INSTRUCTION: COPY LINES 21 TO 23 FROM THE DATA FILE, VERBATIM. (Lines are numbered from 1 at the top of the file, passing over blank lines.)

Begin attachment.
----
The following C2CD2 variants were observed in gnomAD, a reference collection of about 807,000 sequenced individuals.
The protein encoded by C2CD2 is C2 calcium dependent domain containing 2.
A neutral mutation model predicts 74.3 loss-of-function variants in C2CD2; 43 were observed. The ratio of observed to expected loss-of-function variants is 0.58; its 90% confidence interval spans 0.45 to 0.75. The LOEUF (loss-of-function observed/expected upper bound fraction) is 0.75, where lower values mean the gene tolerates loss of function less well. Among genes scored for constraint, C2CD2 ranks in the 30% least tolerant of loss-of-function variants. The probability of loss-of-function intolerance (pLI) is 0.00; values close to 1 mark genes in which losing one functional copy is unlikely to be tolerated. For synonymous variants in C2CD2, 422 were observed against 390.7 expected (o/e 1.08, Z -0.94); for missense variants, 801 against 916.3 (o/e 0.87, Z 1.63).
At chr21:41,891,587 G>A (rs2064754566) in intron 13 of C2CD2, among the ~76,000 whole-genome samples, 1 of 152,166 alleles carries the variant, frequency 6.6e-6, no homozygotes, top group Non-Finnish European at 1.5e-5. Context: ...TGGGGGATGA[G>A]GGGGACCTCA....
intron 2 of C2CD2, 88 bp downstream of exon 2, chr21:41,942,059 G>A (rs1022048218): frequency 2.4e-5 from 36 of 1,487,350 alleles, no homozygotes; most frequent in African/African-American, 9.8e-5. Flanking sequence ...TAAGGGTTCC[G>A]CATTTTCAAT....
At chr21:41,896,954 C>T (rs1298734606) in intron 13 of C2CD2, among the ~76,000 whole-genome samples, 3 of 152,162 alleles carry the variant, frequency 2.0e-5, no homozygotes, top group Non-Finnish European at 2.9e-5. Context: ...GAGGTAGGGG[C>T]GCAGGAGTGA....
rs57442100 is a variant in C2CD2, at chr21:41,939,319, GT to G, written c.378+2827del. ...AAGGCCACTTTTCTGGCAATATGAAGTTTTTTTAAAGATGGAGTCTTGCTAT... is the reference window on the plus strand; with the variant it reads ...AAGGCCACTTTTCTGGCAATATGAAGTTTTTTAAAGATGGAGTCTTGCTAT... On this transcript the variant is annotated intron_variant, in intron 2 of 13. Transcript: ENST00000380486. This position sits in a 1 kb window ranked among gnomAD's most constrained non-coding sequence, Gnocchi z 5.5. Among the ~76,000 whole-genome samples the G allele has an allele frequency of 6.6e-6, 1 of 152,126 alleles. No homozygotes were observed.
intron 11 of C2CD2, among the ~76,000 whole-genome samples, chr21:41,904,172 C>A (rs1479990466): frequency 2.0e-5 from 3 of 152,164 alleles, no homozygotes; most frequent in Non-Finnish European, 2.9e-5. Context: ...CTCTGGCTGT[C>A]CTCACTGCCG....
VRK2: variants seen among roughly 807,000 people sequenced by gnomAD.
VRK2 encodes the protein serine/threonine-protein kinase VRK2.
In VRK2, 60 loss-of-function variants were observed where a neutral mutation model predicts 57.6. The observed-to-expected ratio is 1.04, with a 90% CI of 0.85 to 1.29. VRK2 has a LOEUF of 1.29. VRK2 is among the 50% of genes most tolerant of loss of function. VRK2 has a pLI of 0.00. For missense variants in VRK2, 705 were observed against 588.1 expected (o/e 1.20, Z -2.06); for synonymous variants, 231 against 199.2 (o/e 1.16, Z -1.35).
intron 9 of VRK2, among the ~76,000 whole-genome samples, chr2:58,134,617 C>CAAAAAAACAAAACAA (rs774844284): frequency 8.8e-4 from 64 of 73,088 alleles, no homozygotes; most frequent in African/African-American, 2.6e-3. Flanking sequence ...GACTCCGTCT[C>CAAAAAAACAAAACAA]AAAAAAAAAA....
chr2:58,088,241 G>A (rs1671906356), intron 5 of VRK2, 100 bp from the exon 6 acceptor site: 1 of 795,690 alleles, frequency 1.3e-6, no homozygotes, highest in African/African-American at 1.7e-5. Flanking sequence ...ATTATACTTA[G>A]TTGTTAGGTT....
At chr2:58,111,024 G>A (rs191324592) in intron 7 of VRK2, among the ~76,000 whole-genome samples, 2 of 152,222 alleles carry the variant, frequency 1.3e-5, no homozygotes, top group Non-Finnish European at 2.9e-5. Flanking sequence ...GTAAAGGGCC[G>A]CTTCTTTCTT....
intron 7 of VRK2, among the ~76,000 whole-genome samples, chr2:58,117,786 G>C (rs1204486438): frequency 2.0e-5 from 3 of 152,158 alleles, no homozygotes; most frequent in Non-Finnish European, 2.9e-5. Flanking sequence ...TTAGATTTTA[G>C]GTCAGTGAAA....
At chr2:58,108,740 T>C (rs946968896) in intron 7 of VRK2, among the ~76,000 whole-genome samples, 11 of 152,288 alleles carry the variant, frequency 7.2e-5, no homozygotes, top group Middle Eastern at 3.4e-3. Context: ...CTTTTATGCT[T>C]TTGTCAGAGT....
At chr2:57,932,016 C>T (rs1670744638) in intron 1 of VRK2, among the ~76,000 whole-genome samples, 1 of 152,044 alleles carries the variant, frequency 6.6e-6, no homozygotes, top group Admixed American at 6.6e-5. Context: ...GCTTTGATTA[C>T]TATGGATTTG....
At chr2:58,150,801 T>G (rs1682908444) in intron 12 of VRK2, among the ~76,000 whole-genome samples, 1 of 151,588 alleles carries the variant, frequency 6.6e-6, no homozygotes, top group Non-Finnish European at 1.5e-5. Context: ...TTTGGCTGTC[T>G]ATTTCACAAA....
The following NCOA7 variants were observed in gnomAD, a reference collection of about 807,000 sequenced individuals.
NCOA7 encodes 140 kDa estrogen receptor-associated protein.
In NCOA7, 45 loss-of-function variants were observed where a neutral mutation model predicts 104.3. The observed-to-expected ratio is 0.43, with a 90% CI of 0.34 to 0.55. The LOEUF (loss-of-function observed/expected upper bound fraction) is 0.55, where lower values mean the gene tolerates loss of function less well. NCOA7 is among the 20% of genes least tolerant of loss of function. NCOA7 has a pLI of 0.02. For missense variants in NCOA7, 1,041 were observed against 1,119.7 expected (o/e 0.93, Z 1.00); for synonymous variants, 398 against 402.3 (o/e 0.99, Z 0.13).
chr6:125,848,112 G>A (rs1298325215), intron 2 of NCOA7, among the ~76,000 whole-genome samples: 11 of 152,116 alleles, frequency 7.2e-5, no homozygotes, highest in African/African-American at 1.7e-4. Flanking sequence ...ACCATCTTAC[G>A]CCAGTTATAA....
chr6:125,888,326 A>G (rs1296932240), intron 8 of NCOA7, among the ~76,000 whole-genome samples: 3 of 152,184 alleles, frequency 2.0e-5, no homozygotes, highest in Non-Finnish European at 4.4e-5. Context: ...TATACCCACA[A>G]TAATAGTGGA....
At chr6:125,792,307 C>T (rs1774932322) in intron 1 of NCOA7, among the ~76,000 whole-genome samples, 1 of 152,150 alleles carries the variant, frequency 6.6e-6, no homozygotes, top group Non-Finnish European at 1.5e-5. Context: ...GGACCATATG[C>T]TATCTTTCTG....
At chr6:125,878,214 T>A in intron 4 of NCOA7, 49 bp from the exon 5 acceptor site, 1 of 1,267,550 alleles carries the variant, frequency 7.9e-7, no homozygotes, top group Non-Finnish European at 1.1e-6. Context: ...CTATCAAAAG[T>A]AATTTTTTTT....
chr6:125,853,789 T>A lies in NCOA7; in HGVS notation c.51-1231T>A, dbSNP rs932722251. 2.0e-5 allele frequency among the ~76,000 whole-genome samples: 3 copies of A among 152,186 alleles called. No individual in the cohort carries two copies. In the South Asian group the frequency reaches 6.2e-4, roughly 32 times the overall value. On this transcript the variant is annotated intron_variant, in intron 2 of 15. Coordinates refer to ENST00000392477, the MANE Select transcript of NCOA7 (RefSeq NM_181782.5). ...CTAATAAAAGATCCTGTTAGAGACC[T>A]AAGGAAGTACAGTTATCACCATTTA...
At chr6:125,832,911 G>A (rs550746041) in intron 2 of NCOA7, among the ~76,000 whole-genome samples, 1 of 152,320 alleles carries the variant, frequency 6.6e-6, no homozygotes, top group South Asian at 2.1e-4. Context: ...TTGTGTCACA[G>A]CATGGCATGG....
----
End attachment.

In NCOA7, 45 loss-of-function variants were observed where a neutral mutation model predicts 104.3. The observed-to-expected ratio is 0.43, with a 90% CI of 0.34 to 0.55. The LOEUF (loss-of-function observed/expected upper bound fraction) is 0.55, where lower values mean the gene tolerates loss of function less well. NCOA7 is among the 20% of genes least tolerant of loss of function. NCOA7 has a pLI of 0.02. For missense variants in NCOA7, 1,041 were observed against 1,119.7 expected (o/e 0.93, Z 1.00); for synonymous variants, 398 against 402.3 (o/e 0.99, Z 0.13).
chr6:125,848,112 G>A (rs1298325215), intron 2 of NCOA7, among the ~76,000 whole-genome samples: 11 of 152,116 alleles, frequency 7.2e-5, no homozygotes, highest in African/African-American at 1.7e-4. Flanking sequence ...ACCATCTTAC[G>A]CCAGTTATAA....
chr6:125,888,326 A>G (rs1296932240), intron 8 of NCOA7, among the ~76,000 whole-genome samples: 3 of 152,184 alleles, frequency 2.0e-5, no homozygotes, highest in Non-Finnish European at 4.4e-5. Context: ...TATACCCACA[A>G]TAATAGTGGA....